Abstract

Abstract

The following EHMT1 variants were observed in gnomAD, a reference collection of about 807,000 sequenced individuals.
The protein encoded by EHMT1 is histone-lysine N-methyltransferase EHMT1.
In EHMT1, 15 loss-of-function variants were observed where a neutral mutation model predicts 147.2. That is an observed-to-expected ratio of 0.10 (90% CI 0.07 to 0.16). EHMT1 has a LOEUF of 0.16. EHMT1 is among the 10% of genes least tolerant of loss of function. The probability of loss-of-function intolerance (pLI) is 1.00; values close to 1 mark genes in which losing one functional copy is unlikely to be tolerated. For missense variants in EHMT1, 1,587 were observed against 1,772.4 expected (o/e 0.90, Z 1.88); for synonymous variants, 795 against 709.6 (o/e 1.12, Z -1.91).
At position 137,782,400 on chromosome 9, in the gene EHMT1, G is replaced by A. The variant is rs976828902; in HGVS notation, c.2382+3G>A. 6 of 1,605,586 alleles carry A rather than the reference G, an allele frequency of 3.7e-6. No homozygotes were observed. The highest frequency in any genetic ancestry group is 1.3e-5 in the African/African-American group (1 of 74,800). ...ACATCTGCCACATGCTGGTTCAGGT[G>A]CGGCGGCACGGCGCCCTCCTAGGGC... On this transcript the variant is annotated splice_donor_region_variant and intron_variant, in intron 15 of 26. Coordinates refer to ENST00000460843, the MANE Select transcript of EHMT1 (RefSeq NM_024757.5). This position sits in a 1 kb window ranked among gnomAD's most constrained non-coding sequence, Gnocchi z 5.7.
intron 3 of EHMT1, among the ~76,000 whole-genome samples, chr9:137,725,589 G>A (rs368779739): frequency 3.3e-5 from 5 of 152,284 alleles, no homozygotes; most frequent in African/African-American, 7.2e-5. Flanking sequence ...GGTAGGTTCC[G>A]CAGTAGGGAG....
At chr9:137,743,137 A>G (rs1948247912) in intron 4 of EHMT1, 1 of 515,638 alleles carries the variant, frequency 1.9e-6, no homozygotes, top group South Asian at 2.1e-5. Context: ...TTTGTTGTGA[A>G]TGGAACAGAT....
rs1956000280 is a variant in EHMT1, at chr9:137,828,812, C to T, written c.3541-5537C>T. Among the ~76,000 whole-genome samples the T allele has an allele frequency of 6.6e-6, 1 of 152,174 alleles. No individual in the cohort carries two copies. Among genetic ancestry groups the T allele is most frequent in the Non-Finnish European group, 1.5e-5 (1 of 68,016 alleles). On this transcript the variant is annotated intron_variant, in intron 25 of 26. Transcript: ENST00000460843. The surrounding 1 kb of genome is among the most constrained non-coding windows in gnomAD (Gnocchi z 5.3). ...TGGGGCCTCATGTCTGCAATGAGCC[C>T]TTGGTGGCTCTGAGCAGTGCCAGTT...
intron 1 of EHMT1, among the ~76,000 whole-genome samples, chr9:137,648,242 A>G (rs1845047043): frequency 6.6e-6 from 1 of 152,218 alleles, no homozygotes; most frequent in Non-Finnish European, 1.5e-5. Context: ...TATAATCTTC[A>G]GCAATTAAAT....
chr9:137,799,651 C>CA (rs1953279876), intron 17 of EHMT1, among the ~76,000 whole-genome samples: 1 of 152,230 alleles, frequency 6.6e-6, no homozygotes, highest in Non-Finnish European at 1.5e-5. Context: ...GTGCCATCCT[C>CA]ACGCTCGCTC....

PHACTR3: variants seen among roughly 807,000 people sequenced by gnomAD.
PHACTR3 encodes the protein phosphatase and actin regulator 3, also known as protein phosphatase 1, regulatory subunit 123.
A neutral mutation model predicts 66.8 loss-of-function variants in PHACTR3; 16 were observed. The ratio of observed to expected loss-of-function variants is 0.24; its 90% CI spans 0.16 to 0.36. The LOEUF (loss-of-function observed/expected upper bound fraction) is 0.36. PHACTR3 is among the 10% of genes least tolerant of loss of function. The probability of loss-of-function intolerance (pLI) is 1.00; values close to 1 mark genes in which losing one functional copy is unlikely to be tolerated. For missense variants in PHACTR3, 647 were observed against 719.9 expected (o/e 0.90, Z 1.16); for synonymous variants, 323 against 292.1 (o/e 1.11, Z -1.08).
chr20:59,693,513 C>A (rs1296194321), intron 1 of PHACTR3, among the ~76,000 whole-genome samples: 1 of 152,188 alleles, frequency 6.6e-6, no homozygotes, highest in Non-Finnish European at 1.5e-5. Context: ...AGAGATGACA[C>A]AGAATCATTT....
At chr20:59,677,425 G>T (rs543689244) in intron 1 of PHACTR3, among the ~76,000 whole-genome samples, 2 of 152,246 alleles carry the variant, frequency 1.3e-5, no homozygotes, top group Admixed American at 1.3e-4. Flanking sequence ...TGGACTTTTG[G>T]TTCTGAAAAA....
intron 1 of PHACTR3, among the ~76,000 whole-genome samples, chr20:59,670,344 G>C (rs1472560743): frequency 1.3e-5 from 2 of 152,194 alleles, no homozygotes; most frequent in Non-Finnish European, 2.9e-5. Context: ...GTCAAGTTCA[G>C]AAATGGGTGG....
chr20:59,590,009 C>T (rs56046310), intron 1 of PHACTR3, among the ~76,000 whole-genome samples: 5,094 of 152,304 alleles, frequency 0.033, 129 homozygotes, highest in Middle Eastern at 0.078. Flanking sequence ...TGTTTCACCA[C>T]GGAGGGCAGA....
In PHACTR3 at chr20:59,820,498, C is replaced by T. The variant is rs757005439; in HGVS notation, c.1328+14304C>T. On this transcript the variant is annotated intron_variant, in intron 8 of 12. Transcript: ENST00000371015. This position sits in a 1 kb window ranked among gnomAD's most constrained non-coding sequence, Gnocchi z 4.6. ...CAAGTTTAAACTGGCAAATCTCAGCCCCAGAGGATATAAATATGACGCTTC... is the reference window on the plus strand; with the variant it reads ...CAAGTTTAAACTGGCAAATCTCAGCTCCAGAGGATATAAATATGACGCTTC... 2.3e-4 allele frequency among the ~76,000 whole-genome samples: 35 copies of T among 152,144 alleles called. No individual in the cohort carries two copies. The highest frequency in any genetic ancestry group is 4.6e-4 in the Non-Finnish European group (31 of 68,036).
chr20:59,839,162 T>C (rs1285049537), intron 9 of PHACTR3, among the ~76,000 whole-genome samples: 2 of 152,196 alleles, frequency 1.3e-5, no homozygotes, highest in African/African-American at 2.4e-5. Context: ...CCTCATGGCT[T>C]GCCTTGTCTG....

There are thick beds of gypsum in the Permian Zechstein sequence that forms the bedrock in the Darlington area. In this area, subsidence features attributed to gypsum dissolution are typically broad shallow depressions up to 100 m in diameter, and the ponds known as Hell Kettles [NZ 2814 1088] are the only recognized examples of steep-sided subsidence hollows around Darlington. We have acquired a loose grid of 11 2D seismic reflection profiles and a 3D seismic reflection survey in the area around the ponds. The 2D profiles have revealed evidence of foundering in the limestone of the Seaham Formation at depths of c. 50 m. The foundering is interpreted to have resulted from dissolution of gypsum in the Hartlepool Anhydrite Formation at c. 70 m depth. The reflection images of the gypsum itself are discontinuous, suggesting that its top surface has karstic topography. The 3D survey has revealed subcircular hollows in the Seaham Formation up to 20 m across, which are again attributed to foundering caused by gypsum dissolution. The results demonstrate the potential of the seismic reflection method for site investigation where there is a subsidence hazard because of the possible presence of subterranean cavities.

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